Dice Troop
We are a dedicated bunch to various hobbies and games.
We are here to offer articles and podcasts for what we love to do.
Some faqs
Joining us The admins

May the Dice Gods forever seek your head on a pike. #dice #red #black #gold


May the Dice Gods forever seek your head on a pike. #dice #red #black #gold


I’m such a nerd. #D&D #NewRuleset


I’m such a nerd. #D&D #NewRuleset



Dark Heresy Sunday!

Dark Heresy Sunday!


$5 for the Arcane Legions starter box. This is 120+ minis guys. Get on it!

Whos still with us?

I wont make a promise I can’t keep. But I’ve been feeling like making a come back using some new help and some help with old friends. I’m not sure if we’ll be using the same name. I’ll keep everyone posted with what is happening behind the scenes as things devolpe. So far there are a lot of exciting ideas we have circling around that weren’t always possible before. Thank you to anyone who has stuck around for this black out. If we do come back we are coming back better than ever.


It is with a heavy heart that I say Dice Troop will be disbanding….

Though I could simply list the reason why, I thought I would turn this into a personal story on how this group formed to begin with…..

About a year and a half ago I made the sacrifice to move back to MA to be with my sick father. During this time I also became quite ill. There wasn’t a whole lot I wanted to do. I would just sit in my room and think how the world would be a better place without me. It was a dark time but not as dark as earlier in the year. Feeling myself slipping I decided it would be best to keep my mind occupied I picked up Warhammer and painting again. That got me thinking…I wonder if there are others like me online.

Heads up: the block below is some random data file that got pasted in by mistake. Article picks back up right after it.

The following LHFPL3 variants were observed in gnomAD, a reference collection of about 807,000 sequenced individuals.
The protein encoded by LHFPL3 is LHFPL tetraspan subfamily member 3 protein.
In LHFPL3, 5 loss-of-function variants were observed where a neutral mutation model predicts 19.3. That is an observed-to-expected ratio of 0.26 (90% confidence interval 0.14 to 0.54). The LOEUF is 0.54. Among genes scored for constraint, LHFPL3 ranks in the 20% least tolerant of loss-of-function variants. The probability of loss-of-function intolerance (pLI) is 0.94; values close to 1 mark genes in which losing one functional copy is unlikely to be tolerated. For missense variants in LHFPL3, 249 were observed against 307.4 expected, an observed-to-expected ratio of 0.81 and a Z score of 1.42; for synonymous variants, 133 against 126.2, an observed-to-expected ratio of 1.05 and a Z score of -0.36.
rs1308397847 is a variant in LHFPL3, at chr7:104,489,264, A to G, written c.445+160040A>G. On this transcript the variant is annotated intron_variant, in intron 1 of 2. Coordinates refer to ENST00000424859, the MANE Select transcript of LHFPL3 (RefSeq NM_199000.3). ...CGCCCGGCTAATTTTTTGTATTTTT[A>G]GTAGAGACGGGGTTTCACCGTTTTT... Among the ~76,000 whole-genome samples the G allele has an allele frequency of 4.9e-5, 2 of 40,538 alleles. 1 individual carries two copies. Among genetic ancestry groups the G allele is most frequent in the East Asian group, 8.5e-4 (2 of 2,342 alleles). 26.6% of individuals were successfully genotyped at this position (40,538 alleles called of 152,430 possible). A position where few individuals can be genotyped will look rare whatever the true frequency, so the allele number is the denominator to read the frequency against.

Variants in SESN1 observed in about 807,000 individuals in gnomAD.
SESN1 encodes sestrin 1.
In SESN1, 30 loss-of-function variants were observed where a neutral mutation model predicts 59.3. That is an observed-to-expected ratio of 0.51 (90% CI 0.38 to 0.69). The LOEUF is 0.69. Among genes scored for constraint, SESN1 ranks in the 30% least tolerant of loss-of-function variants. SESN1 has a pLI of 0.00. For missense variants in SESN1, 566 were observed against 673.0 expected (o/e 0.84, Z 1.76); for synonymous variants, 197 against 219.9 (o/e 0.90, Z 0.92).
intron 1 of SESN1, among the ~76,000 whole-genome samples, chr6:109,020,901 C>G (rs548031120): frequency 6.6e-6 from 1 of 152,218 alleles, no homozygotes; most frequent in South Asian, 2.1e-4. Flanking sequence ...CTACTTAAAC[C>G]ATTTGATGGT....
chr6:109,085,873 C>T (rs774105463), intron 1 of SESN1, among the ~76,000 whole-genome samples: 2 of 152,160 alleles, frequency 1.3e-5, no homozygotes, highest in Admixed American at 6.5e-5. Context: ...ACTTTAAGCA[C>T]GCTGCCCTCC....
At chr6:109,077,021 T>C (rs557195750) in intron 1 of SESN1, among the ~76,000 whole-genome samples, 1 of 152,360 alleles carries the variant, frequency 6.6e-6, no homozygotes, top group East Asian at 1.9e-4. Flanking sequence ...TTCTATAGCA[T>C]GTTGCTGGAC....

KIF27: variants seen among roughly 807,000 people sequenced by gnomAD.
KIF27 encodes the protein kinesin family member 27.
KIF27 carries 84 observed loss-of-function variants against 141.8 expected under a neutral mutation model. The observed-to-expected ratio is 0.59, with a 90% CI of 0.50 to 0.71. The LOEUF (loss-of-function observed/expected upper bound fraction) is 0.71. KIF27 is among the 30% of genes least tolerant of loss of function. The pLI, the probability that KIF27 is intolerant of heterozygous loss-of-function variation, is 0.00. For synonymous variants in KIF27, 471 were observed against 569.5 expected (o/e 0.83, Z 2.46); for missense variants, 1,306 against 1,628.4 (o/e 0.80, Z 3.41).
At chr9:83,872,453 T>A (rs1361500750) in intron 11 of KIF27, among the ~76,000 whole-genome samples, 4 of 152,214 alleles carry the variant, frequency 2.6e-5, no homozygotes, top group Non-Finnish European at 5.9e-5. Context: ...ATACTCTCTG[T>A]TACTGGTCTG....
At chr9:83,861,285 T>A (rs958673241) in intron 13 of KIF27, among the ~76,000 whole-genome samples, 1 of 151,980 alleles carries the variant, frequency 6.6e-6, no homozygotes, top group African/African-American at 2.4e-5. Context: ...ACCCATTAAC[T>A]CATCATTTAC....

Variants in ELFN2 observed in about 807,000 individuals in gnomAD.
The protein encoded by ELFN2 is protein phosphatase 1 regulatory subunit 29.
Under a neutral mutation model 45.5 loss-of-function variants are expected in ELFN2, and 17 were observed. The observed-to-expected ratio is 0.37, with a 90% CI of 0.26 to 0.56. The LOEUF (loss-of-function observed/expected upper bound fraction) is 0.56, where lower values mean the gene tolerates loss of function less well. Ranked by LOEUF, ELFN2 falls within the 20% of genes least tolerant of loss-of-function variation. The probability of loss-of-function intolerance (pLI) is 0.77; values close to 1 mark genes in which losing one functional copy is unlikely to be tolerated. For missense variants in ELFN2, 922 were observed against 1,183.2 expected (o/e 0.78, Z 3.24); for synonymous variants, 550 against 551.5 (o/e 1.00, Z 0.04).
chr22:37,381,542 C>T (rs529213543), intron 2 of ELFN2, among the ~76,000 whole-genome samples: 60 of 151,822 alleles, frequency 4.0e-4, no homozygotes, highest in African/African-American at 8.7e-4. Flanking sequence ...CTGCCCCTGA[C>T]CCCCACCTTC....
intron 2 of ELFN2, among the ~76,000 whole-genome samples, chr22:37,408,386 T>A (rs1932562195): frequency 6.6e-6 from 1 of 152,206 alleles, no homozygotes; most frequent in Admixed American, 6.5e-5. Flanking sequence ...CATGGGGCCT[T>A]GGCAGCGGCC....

It turned out there was! I formed a fantastic group of people called Skypehammer. We quickly became a pretty close group of people. It didnt take long for me to notice there were some talented people who agreed that we should form some sort of project group. Then we became Dice Troop.

I thought it would be cool to do an online video news shows on table top. We had our ups, our downs, and now we are coming close to an end. The main reason were disbanding is we all have a lot to do with in our lives. Some of us have kids and families, others work really hard to go to school to become actual game designers. So needless to say we don’t have the time or dedication to be what we once were.

As for me, I’ve had a bit of clarity in my life. I originally started this as a way to mitigate my wandering mind to make sure I didnt have any bad thoughts. As of late it seems I haven’t been having them of late. Things have been going better in my personal life and I’m on the road to recovery. I will still be seeing a doctor but I don’t think it will be for long.

So it is with mutual agreement that we are to disband. I will keep the blog running for a bit longer since I might post a couple of more articles. Our contest winner did get in contact with us so he will still receive our prize. 

There is nothing to say we might return one day. Maybe even better than before. But for now…I will say goodbye. And if youd like you can follow us all on our person blogs.